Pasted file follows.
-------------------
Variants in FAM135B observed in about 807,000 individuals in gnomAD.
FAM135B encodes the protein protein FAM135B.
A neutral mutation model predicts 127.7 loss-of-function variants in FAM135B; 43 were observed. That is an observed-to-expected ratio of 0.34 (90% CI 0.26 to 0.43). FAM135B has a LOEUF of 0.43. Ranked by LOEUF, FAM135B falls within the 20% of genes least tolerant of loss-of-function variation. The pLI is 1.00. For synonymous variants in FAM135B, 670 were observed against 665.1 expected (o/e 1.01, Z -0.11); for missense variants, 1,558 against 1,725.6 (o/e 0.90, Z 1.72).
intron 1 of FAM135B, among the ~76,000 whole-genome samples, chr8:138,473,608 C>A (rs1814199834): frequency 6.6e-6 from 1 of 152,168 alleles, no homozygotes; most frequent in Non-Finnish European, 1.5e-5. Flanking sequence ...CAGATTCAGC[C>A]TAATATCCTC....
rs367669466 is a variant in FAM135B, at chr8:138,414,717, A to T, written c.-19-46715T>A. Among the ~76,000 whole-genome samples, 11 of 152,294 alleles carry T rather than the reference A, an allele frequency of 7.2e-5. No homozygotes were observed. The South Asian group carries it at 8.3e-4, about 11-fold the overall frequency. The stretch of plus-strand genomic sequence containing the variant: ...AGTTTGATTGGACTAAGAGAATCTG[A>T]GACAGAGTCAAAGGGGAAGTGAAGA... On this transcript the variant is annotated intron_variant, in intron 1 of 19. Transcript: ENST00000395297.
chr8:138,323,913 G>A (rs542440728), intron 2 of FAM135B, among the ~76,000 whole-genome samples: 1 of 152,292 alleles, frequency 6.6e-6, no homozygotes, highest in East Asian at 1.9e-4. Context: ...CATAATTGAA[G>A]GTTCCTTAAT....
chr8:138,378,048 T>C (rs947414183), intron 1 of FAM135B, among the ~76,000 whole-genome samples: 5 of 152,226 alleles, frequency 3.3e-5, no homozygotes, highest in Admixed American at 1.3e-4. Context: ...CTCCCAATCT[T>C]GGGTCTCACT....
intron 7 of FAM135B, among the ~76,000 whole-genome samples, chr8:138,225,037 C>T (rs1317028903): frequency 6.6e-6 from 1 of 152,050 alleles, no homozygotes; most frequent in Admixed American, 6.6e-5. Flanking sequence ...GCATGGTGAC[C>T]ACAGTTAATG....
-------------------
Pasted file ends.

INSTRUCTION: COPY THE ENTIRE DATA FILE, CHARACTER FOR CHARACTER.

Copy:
Variants in FAM135B observed in about 807,000 individuals in gnomAD.
FAM135B encodes the protein protein FAM135B.
A neutral mutation model predicts 127.7 loss-of-function variants in FAM135B; 43 were observed. That is an observed-to-expected ratio of 0.34 (90% CI 0.26 to 0.43). FAM135B has a LOEUF of 0.43. Ranked by LOEUF, FAM135B falls within the 20% of genes least tolerant of loss-of-function variation. The pLI is 1.00. For synonymous variants in FAM135B, 670 were observed against 665.1 expected (o/e 1.01, Z -0.11); for missense variants, 1,558 against 1,725.6 (o/e 0.90, Z 1.72).
intron 1 of FAM135B, among the ~76,000 whole-genome samples, chr8:138,473,608 C>A (rs1814199834): frequency 6.6e-6 from 1 of 152,168 alleles, no homozygotes; most frequent in Non-Finnish European, 1.5e-5. Flanking sequence ...CAGATTCAGC[C>A]TAATATCCTC....
rs367669466 is a variant in FAM135B, at chr8:138,414,717, A to T, written c.-19-46715T>A. Among the ~76,000 whole-genome samples, 11 of 152,294 alleles carry T rather than the reference A, an allele frequency of 7.2e-5. No homozygotes were observed. The South Asian group carries it at 8.3e-4, about 11-fold the overall frequency. The stretch of plus-strand genomic sequence containing the variant: ...AGTTTGATTGGACTAAGAGAATCTG[A>T]GACAGAGTCAAAGGGGAAGTGAAGA... On this transcript the variant is annotated intron_variant, in intron 1 of 19. Transcript: ENST00000395297.
chr8:138,323,913 G>A (rs542440728), intron 2 of FAM135B, among the ~76,000 whole-genome samples: 1 of 152,292 alleles, frequency 6.6e-6, no homozygotes, highest in East Asian at 1.9e-4. Context: ...CATAATTGAA[G>A]GTTCCTTAAT....
chr8:138,378,048 T>C (rs947414183), intron 1 of FAM135B, among the ~76,000 whole-genome samples: 5 of 152,226 alleles, frequency 3.3e-5, no homozygotes, highest in Admixed American at 1.3e-4. Context: ...CTCCCAATCT[T>C]GGGTCTCACT....
intron 7 of FAM135B, among the ~76,000 whole-genome samples, chr8:138,225,037 C>T (rs1317028903): frequency 6.6e-6 from 1 of 152,050 alleles, no homozygotes; most frequent in Admixed American, 6.6e-5. Flanking sequence ...GCATGGTGAC[C>T]ACAGTTAATG....